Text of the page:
The Truth

Bank chief Mervyn King raises spectre of British recession .........

added 15/5/08

from The Times
Gary Duncan, Economics Editor, and Philip Webster, Political Editor
May 15, 2008

Britain faces two years of economic pain and could sink into recession, the Governor of the Bank of England has said in a stark warning to the nation.

Mervyn King gave notice of a further squeeze on living standards, forecasting that inflation would climb to 3.7 per cent and remain high for two years. “The nice decade is behind us,” he said.

Yet within hours of this stark assessment, Gordon Brown staked his survival on the economy. He said: “I ask, and indeed expect, to be judged by this test: our stewardship of the British economy and building a lasting prosperity by releasing untapped potential.”

Mr King said that households faced a protracted spending crunch as food and fuel bills continued to soar. He said that the severe financial strains would deepen the sharp economic downturn already taking hold and ruin chances for steep interest rate cuts to boost growth.

The Bank cut forecasts for growth sharply, predicting that this would all but grind to a halt later this year. The City said that interest rates might not be cut again at all this year.

The Governor insisted that the Bank did not expect a recession but conceded for the first time that one could not be ruled out.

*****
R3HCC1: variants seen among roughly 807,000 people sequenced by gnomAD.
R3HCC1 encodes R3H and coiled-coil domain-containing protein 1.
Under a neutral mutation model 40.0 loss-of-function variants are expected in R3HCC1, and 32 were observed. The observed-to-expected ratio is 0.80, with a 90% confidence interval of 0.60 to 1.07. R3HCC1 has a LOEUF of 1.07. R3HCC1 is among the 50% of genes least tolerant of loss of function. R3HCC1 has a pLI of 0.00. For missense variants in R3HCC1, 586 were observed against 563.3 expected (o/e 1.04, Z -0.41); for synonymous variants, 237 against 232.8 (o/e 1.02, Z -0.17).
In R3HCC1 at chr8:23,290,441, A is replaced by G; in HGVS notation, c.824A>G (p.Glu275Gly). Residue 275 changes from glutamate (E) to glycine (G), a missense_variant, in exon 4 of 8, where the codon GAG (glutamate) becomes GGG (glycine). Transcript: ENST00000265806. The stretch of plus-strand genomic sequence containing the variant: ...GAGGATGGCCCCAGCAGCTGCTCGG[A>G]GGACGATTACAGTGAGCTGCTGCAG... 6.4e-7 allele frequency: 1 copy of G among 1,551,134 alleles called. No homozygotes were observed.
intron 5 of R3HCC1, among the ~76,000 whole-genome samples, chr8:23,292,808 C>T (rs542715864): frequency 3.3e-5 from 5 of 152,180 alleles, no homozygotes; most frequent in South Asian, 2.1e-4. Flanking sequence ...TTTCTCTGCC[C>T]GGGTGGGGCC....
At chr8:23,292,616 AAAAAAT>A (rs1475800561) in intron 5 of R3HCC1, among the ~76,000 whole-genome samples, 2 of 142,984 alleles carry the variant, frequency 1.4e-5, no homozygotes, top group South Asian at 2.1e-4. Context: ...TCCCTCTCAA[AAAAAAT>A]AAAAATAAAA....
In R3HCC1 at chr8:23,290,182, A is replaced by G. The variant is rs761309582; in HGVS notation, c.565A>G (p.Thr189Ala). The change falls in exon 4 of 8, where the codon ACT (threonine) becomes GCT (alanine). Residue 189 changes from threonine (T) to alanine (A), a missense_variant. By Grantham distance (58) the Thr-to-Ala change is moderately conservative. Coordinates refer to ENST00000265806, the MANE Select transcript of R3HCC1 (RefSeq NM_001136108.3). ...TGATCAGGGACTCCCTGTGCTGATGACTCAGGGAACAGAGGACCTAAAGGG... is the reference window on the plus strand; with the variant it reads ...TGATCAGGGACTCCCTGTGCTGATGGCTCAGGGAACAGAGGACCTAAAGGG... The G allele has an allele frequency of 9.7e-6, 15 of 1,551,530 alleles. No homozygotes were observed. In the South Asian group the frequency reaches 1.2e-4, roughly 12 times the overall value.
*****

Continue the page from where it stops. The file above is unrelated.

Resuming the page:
His comments came as Mr Brown continued his relaunch by setting out a draft parliamentary programme for next year of 18 Bills, including direct measures to help the struggling housing market.

The Prime Minister, speaking later in Bermondsey, southeast London, insisted that Britain would “emerge from the global slowdown stronger and better, both as a country and a government”.

He put reform of public services and welfare at the heart of his legislative programme for the coming year, promising to give ordinary people more control over health-care, schools and policing.

The Times has learnt that Mr Brown was warned by one of his closest advisers against scrapping the 10p tax rate before the 2007 Budget, but he overruled the aide, saying that he better understood the politics of the issue.

David Cameron accused the Prime Minister of stealing Conservative policies. The Tory leader said that the “relaunch” proved only that the Government had “run out of road, run out of money, run out of ideas”. He dismissed the draft legislative programme as “yet another attempt to save the Prime Minister’s skin” before next week’s Crewe & Nantwich by-election, where the Conservatives are pressing to overturn a Labour majority of just over 7,000.